People love to say ‘it’s just Twitter’ when speaking about some of the ridiculous things that take place on the popular social networking site. However, we must remember that those are actual people behind the computer and cell phone screen. Thus, what happens on the internet is a reflection of those who are making it happen.
That said…what the hell is wrong with the people who have made #rapistsongs a national trending topic?
This is not hardly the first offensive trending topic; #thingsfathoessay is also trending at the moment. Sadly, this isn’t even the first time that rape jokes have gone viral; comedian Lil’ Duval made #itaintrape a trending topic this time last year, as he and his fans made jokes about situations that can’t be considered rape (i.e. if you fly a woman in for the weekend, then she’s required to sleep with you). Many people are asking Twitter to remove the topic (which you can do by sending tweets to @twitter and @support), but the question remains: why are so many people comfortable with this sort of humor? Considering the large percentage of both women and men who are survivors of sexual assault and molestation, why is the pursuit of a cheap laugh more valuable than consideration for what others may have endured?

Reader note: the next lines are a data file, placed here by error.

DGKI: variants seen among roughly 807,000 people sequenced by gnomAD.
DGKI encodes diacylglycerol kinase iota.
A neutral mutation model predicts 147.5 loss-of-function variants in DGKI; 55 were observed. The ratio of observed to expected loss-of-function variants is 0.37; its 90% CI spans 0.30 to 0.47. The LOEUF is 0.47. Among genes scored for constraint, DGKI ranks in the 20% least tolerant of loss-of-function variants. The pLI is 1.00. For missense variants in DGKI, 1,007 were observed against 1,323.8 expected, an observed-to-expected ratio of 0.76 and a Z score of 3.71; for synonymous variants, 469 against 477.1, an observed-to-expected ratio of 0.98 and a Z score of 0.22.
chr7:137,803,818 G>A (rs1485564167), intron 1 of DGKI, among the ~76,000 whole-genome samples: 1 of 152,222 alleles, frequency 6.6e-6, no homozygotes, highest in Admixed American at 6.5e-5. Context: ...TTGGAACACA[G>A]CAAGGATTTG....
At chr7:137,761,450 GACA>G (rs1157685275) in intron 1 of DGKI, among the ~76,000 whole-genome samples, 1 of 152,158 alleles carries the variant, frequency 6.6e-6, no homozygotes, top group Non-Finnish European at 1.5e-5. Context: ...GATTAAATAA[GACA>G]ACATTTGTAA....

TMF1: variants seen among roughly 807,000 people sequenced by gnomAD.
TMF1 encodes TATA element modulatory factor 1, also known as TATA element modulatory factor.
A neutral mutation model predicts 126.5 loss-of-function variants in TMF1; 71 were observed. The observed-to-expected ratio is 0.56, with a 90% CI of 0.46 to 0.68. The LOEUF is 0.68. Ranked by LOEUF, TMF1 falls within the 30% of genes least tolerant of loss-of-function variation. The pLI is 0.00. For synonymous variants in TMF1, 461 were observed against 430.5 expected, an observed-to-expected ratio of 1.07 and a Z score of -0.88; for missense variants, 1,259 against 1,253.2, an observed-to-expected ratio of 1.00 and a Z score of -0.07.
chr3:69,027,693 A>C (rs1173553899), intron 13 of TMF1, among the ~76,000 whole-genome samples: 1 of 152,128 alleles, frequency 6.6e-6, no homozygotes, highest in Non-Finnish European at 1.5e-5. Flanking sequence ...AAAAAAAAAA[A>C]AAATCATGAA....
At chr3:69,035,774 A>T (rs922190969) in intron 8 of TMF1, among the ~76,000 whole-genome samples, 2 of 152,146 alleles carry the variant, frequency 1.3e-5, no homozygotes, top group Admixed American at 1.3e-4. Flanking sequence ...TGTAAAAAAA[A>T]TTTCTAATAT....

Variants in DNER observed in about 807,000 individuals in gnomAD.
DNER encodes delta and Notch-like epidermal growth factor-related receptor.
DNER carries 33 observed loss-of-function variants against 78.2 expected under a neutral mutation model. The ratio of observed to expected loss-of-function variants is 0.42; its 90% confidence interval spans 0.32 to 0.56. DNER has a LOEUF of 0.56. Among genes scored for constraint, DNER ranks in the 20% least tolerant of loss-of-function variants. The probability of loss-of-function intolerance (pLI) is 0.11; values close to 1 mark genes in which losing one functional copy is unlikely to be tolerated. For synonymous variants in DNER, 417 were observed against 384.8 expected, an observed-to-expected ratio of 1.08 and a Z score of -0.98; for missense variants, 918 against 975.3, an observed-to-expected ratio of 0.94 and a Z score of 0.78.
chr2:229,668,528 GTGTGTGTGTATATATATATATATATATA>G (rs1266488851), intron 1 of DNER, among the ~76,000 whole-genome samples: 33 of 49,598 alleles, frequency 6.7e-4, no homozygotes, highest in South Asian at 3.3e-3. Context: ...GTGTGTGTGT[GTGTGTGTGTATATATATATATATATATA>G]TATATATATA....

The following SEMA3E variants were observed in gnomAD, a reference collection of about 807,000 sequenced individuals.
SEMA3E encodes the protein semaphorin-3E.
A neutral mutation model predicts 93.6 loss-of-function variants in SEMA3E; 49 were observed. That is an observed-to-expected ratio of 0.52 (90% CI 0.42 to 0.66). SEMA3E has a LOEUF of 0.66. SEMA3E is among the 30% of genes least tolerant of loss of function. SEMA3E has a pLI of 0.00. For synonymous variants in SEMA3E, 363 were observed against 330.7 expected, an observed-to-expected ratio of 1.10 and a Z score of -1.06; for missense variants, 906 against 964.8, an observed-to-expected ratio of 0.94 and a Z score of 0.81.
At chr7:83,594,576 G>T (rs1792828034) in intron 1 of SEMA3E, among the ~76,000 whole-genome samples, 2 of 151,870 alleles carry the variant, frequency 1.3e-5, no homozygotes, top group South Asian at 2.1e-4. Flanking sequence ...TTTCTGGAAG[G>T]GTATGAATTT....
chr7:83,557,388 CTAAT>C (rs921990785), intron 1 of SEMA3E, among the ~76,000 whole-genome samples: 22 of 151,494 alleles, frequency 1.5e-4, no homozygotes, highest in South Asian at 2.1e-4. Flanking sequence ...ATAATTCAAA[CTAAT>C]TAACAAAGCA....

This is what rape culture is about; we are so comfortable and used to the idea of rape, that we don’t treat it with the seriousness that it deserves. It’s sad, but it’s not really a big deal, unless we are talking about ourselves or someone we know or some specific case. We joke about men looking ‘rapey’, call Big Ben “Rapelisburger” (without actually calling for his ouster from the NFL) and make fun of R. Kelly’s perverted reputation. We ask what victims “did wrong” and we tell girls like Rihanna that they are too Hot or controversial to discuss such a serious matter.